Recently, I spoke to the Society of Administrative Professionals in Murfreesboro. Audience members asked me what tools I used to organize my home, and what they could do to facilitate throughput.
The spillover effect suggests that what we do in complementary spheres is connected; in other words, how we maintain our home is indicative of the way we perform our jobs, and vice versa. If perceptions are formed in a split second, then the totality of our presentation is important. This includes your persona, your office, and your personal space. What messages are you sending?
When I discuss appearances, I’m reminded of the Peanuts character Pig-Pen who putters in a cloud of debris. The mental picture people formulate will peg you as either a person of stature, or one who couldn’t care less.
Organizing for efficiency is a mindset that should permeate all aspects of your life. For example, I recently called two of my service providers to see if they could reduce monthly bills. One cut my payment in half, and the other reduced it by $30.00. In addition I canceled the gas ($20.00/month), that I only used in winter. All total, I reduced my monthly expenses by $90.00. What if you applied that same logic to your business? Office and purchasing managers (along with sole proprietors and entrepreneurs), can benefit from making a simple telephone call.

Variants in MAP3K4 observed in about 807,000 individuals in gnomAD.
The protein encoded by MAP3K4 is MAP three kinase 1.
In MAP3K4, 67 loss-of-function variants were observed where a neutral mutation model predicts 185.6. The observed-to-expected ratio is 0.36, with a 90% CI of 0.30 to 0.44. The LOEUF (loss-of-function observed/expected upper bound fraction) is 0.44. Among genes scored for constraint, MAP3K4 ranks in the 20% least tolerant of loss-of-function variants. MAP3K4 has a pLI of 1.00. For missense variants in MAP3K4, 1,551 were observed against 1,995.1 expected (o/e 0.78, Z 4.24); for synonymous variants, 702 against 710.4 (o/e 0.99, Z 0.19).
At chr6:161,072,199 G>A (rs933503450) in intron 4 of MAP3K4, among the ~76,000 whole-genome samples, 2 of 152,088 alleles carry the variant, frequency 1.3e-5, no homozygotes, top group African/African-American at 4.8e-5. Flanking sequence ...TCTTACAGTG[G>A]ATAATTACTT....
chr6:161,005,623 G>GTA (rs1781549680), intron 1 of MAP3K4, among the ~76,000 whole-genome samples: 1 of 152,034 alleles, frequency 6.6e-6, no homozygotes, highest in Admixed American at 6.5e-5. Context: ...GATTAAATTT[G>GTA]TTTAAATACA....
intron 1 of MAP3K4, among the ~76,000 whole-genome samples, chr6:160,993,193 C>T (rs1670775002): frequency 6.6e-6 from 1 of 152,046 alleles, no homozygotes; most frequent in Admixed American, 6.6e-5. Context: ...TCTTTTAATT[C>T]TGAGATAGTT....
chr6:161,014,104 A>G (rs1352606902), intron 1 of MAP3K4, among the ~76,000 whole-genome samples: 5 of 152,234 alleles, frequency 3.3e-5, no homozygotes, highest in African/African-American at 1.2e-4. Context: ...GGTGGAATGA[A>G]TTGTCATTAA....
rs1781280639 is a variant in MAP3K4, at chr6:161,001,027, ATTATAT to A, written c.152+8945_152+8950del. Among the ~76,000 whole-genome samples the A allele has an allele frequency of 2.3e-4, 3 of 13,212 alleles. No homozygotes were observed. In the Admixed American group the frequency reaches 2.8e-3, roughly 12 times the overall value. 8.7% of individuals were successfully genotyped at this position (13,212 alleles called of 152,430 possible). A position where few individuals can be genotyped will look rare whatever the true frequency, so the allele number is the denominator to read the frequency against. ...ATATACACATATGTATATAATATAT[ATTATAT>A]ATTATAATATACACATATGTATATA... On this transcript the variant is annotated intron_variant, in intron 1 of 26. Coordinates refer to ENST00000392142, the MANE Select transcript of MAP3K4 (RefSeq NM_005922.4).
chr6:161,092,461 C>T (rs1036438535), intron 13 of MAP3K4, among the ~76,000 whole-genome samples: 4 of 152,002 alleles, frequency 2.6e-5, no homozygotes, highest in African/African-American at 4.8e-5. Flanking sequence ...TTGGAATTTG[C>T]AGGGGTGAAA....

A little effort and proactivity on your part can save hundreds, if not thousands of dollars. Similarly, business people accomplish more if routine actions are streamlined. What mail can you cancel, what bills and receipts can receive via e-mail? Automation accomplishes the following: (1) gets paper off your plate, eliminating sorting, filing, and later purging; (2) improves your credit rating because payments are always on time; (3) frees you for more productive pursuits.
Everything in my office either has utility, or is pleasing to the eye – there is no in-between. With the exception of updating the outmoded, the “shedding” process has worked to the point where there is nothing left to fix, donate, or discard, and there is therefore no “containerizing” to perform. I’m left with a space that I love, and that I now have time to enjoy. I recently watched an episode of HGTV in which a Los Gatos couple explained, “Where ever we go, it’s never as nice as here.” With time and effort you can transform your office into an oasis of tranquility.
After the presentation I realized that organizing (for me) had become a mindset. For everything you attempt, how can you focus your attention, improve the process, and enhance the end product? If you think of your mind as a maquiladora (a manufacturer of interim components), what thoughts should be deleted from your storehouse to make room for essentials? In each moment, are you moving forward, maintaining thoughts that will manifest in desired behavior?
I think the epitome of organizing is utilizing everything you have (and eliminating the nonessential) to become your Best Reflected Self. Your possessions reflect your persona, which is an amalgam of past choices. Organize yourself first, and the rest will follow suit.